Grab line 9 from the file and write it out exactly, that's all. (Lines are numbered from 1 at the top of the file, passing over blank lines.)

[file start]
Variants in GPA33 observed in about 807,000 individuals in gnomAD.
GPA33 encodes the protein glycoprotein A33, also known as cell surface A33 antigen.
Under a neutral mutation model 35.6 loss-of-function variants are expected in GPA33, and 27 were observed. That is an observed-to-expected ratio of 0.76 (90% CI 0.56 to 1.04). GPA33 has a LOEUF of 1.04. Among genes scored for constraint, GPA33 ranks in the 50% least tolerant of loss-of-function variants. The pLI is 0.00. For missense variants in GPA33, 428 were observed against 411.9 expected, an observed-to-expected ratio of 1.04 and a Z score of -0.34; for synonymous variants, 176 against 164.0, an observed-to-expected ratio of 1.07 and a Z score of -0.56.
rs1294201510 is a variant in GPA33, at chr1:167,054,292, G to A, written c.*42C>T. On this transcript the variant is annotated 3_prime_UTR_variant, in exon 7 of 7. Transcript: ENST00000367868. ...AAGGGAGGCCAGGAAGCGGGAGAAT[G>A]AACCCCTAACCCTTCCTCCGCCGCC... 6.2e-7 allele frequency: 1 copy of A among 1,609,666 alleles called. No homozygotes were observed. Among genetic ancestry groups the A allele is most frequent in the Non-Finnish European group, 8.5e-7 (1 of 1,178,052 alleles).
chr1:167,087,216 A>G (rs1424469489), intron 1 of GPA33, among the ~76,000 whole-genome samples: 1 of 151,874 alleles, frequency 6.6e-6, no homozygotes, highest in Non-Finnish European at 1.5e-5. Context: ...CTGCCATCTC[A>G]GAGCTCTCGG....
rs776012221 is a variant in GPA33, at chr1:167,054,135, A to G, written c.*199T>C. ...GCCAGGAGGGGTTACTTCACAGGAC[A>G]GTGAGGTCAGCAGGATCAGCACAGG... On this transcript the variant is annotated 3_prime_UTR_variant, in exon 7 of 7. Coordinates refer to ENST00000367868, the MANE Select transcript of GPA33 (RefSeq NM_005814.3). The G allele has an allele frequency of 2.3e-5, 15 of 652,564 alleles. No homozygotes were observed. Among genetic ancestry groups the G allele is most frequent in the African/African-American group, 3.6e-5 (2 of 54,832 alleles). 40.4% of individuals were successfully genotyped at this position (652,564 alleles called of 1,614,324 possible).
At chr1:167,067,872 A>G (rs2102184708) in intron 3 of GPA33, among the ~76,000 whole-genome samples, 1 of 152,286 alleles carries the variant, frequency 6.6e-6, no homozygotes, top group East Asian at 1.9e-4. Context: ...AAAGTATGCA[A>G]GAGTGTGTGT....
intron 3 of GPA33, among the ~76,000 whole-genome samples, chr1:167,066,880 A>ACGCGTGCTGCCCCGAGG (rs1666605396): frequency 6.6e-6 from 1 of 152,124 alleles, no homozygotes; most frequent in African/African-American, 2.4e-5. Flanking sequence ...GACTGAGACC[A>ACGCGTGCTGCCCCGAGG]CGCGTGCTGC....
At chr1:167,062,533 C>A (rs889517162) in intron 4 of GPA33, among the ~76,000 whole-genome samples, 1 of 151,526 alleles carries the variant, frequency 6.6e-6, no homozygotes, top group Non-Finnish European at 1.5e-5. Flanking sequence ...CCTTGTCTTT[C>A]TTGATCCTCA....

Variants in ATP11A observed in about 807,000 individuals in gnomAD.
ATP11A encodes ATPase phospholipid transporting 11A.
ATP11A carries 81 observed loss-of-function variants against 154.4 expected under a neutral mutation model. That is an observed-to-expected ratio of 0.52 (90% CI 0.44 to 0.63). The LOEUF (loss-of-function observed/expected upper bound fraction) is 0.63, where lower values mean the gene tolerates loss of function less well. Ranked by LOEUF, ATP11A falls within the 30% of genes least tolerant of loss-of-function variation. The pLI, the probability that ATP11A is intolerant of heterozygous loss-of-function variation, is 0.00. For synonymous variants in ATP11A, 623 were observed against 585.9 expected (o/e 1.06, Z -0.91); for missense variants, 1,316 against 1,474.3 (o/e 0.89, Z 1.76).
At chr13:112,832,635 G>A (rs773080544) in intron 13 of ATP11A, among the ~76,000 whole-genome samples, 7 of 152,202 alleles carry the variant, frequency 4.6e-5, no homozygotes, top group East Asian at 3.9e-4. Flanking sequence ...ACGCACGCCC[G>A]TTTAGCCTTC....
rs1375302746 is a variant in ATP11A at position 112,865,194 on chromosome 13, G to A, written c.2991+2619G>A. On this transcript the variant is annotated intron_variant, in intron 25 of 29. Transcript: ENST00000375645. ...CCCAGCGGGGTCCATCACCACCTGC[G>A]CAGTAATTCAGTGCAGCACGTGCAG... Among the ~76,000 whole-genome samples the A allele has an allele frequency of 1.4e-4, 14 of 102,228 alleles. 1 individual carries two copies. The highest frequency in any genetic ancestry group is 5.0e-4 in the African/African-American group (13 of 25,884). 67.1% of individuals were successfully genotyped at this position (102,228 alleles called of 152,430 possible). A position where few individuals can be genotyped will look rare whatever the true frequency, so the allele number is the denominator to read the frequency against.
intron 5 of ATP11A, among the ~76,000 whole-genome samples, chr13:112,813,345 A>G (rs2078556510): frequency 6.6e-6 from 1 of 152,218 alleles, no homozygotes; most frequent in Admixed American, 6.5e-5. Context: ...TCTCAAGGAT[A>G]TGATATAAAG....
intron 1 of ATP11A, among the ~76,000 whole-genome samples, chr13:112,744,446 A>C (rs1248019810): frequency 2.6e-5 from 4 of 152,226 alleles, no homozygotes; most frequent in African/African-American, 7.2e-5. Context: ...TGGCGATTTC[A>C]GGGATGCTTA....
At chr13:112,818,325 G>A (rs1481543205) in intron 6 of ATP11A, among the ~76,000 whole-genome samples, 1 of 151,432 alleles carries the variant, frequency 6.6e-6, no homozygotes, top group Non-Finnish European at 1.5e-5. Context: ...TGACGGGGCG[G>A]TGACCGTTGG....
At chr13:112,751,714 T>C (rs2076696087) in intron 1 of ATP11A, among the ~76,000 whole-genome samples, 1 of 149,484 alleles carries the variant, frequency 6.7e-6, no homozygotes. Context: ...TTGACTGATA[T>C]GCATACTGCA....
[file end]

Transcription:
At chr1:167,062,533 C>A (rs889517162) in intron 4 of GPA33, among the ~76,000 whole-genome samples, 1 of 151,526 alleles carries the variant, frequency 6.6e-6, no homozygotes, top group Non-Finnish European at 1.5e-5. Flanking sequence ...CCTTGTCTTT[C>A]TTGATCCTCA....